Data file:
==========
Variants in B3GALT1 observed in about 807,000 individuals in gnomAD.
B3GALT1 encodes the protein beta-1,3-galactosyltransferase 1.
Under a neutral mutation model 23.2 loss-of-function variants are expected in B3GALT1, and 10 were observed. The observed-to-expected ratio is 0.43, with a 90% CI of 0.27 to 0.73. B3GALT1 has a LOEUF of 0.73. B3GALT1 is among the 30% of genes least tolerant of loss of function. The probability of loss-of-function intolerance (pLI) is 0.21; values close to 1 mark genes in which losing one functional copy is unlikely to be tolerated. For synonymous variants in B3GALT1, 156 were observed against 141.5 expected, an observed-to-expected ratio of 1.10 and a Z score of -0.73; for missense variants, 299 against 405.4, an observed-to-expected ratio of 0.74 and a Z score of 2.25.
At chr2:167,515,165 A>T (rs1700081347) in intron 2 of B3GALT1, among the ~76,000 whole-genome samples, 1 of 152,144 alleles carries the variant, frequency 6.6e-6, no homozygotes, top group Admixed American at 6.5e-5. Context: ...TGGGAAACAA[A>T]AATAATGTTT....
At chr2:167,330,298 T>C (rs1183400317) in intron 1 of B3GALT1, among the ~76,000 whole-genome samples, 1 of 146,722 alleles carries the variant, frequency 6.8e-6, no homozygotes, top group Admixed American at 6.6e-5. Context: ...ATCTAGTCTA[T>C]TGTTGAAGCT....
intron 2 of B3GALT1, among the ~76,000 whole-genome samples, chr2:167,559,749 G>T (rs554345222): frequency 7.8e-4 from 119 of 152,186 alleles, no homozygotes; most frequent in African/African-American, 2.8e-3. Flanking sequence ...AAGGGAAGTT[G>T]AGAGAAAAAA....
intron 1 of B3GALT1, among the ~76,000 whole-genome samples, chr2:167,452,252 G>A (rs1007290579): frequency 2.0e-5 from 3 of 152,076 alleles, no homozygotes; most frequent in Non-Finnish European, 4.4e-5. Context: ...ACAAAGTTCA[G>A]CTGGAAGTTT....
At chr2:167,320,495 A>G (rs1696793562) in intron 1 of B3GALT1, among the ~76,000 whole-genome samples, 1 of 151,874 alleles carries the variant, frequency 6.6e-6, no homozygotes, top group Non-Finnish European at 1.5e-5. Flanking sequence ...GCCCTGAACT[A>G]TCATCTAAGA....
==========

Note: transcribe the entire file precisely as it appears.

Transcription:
Variants in B3GALT1 observed in about 807,000 individuals in gnomAD.
B3GALT1 encodes the protein beta-1,3-galactosyltransferase 1.
Under a neutral mutation model 23.2 loss-of-function variants are expected in B3GALT1, and 10 were observed. The observed-to-expected ratio is 0.43, with a 90% CI of 0.27 to 0.73. B3GALT1 has a LOEUF of 0.73. B3GALT1 is among the 30% of genes least tolerant of loss of function. The probability of loss-of-function intolerance (pLI) is 0.21; values close to 1 mark genes in which losing one functional copy is unlikely to be tolerated. For synonymous variants in B3GALT1, 156 were observed against 141.5 expected, an observed-to-expected ratio of 1.10 and a Z score of -0.73; for missense variants, 299 against 405.4, an observed-to-expected ratio of 0.74 and a Z score of 2.25.
At chr2:167,515,165 A>T (rs1700081347) in intron 2 of B3GALT1, among the ~76,000 whole-genome samples, 1 of 152,144 alleles carries the variant, frequency 6.6e-6, no homozygotes, top group Admixed American at 6.5e-5. Context: ...TGGGAAACAA[A>T]AATAATGTTT....
At chr2:167,330,298 T>C (rs1183400317) in intron 1 of B3GALT1, among the ~76,000 whole-genome samples, 1 of 146,722 alleles carries the variant, frequency 6.8e-6, no homozygotes, top group Admixed American at 6.6e-5. Context: ...ATCTAGTCTA[T>C]TGTTGAAGCT....
intron 2 of B3GALT1, among the ~76,000 whole-genome samples, chr2:167,559,749 G>T (rs554345222): frequency 7.8e-4 from 119 of 152,186 alleles, no homozygotes; most frequent in African/African-American, 2.8e-3. Flanking sequence ...AAGGGAAGTT[G>T]AGAGAAAAAA....
intron 1 of B3GALT1, among the ~76,000 whole-genome samples, chr2:167,452,252 G>A (rs1007290579): frequency 2.0e-5 from 3 of 152,076 alleles, no homozygotes; most frequent in Non-Finnish European, 4.4e-5. Context: ...ACAAAGTTCA[G>A]CTGGAAGTTT....
At chr2:167,320,495 A>G (rs1696793562) in intron 1 of B3GALT1, among the ~76,000 whole-genome samples, 1 of 151,874 alleles carries the variant, frequency 6.6e-6, no homozygotes, top group Non-Finnish European at 1.5e-5. Flanking sequence ...GCCCTGAACT[A>G]TCATCTAAGA....